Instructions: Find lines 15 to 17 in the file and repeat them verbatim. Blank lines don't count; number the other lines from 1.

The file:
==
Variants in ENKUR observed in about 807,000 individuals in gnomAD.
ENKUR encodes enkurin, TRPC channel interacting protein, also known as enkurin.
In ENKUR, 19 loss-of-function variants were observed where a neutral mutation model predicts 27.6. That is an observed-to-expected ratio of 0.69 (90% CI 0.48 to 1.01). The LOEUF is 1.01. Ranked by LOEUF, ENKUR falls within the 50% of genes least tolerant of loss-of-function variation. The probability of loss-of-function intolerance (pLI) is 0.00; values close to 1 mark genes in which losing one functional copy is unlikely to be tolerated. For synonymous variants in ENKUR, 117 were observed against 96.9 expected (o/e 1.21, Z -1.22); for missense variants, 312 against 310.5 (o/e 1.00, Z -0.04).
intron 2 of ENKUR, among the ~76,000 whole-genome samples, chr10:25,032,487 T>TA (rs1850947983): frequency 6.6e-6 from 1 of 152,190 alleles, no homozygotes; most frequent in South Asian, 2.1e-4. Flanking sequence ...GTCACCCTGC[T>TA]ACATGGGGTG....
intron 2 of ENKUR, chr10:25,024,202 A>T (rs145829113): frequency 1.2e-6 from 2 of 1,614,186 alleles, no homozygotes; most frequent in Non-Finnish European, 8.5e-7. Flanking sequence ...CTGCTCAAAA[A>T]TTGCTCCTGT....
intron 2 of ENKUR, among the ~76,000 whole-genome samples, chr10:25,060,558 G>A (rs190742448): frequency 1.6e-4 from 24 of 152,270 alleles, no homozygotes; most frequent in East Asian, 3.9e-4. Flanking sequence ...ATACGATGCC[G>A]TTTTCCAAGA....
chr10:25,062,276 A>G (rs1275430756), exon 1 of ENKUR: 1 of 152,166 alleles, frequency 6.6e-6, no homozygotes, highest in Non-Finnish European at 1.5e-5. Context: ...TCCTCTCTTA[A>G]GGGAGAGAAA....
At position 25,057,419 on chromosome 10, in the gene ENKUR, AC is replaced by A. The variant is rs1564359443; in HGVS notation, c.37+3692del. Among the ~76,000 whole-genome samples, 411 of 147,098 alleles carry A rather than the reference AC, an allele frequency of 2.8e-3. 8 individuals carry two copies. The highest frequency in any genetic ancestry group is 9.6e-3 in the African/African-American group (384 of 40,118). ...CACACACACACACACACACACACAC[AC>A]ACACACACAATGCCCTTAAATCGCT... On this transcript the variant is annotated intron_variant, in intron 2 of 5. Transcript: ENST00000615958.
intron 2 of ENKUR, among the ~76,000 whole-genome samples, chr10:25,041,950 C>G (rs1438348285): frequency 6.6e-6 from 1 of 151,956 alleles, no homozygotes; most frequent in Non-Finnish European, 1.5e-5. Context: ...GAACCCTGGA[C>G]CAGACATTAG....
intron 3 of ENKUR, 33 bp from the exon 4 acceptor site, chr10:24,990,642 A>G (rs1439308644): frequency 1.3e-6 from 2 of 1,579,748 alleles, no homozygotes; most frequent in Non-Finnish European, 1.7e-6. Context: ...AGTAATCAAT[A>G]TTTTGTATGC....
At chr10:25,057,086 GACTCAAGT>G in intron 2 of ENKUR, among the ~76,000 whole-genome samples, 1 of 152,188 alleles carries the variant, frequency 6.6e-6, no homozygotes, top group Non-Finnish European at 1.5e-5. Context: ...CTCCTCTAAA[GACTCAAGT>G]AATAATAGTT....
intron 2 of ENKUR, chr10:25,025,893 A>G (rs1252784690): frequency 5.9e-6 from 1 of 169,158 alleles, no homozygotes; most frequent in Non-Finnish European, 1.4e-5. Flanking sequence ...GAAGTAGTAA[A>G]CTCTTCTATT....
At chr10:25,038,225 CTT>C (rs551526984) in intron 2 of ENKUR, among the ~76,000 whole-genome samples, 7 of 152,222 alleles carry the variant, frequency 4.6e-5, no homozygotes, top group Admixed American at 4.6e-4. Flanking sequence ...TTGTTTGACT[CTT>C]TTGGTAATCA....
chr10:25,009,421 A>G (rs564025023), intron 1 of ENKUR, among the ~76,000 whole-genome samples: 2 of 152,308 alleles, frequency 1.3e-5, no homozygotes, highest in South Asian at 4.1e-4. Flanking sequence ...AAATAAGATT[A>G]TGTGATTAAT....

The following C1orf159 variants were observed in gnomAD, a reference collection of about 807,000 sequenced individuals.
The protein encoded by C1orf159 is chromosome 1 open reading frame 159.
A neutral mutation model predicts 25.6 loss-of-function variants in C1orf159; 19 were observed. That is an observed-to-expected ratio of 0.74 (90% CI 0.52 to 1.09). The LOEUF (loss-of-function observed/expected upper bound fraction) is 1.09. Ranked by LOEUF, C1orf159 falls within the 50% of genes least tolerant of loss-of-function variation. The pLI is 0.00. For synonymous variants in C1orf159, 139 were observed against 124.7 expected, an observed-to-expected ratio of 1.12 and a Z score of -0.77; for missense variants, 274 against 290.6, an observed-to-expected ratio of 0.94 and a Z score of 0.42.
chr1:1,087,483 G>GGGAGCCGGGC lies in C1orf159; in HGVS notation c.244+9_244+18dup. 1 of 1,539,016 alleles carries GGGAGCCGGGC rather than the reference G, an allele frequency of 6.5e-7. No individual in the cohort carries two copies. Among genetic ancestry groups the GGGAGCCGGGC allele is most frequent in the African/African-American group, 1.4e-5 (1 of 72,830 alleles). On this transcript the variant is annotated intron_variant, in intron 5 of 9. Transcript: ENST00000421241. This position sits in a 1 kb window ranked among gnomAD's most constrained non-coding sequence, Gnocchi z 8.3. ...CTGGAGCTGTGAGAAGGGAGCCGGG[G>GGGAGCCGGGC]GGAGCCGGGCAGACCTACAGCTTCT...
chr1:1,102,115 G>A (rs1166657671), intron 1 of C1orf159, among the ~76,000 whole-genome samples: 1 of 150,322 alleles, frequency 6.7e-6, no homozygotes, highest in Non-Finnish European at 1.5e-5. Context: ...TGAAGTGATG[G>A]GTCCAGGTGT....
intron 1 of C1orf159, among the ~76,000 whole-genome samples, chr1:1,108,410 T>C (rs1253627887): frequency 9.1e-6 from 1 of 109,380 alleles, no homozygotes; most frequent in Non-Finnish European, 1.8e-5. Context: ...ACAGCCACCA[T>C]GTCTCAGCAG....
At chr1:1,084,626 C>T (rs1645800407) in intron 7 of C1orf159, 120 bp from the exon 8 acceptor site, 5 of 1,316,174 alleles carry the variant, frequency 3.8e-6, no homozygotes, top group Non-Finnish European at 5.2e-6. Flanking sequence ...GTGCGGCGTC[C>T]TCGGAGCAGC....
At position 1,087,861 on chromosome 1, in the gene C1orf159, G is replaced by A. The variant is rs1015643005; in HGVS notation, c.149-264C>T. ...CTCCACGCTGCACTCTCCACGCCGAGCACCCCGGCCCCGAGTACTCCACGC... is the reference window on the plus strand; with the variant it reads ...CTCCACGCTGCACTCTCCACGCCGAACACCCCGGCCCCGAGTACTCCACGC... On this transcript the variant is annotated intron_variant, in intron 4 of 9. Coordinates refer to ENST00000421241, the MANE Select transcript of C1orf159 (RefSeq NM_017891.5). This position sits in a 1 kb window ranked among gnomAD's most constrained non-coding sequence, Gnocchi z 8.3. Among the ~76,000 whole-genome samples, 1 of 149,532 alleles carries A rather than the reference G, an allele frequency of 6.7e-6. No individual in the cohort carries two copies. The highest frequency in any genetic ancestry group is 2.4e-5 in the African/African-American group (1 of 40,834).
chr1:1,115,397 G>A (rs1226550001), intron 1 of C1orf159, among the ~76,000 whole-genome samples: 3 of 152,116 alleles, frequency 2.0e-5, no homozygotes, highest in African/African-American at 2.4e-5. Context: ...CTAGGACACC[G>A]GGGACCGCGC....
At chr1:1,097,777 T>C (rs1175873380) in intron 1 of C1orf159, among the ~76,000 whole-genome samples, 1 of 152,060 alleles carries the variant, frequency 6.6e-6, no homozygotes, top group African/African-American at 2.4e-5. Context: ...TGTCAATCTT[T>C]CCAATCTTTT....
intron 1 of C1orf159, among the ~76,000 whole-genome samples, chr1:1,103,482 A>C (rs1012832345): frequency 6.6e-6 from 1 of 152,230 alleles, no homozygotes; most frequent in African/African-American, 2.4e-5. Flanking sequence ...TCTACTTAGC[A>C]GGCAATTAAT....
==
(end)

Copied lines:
The following C1orf159 variants were observed in gnomAD, a reference collection of about 807,000 sequenced individuals.
The protein encoded by C1orf159 is chromosome 1 open reading frame 159.
A neutral mutation model predicts 25.6 loss-of-function variants in C1orf159; 19 were observed. That is an observed-to-expected ratio of 0.74 (90% CI 0.52 to 1.09). The LOEUF (loss-of-function observed/expected upper bound fraction) is 1.09. Ranked by LOEUF, C1orf159 falls within the 50% of genes least tolerant of loss-of-function variation. The pLI is 0.00. For synonymous variants in C1orf159, 139 were observed against 124.7 expected, an observed-to-expected ratio of 1.12 and a Z score of -0.77; for missense variants, 274 against 290.6, an observed-to-expected ratio of 0.94 and a Z score of 0.42.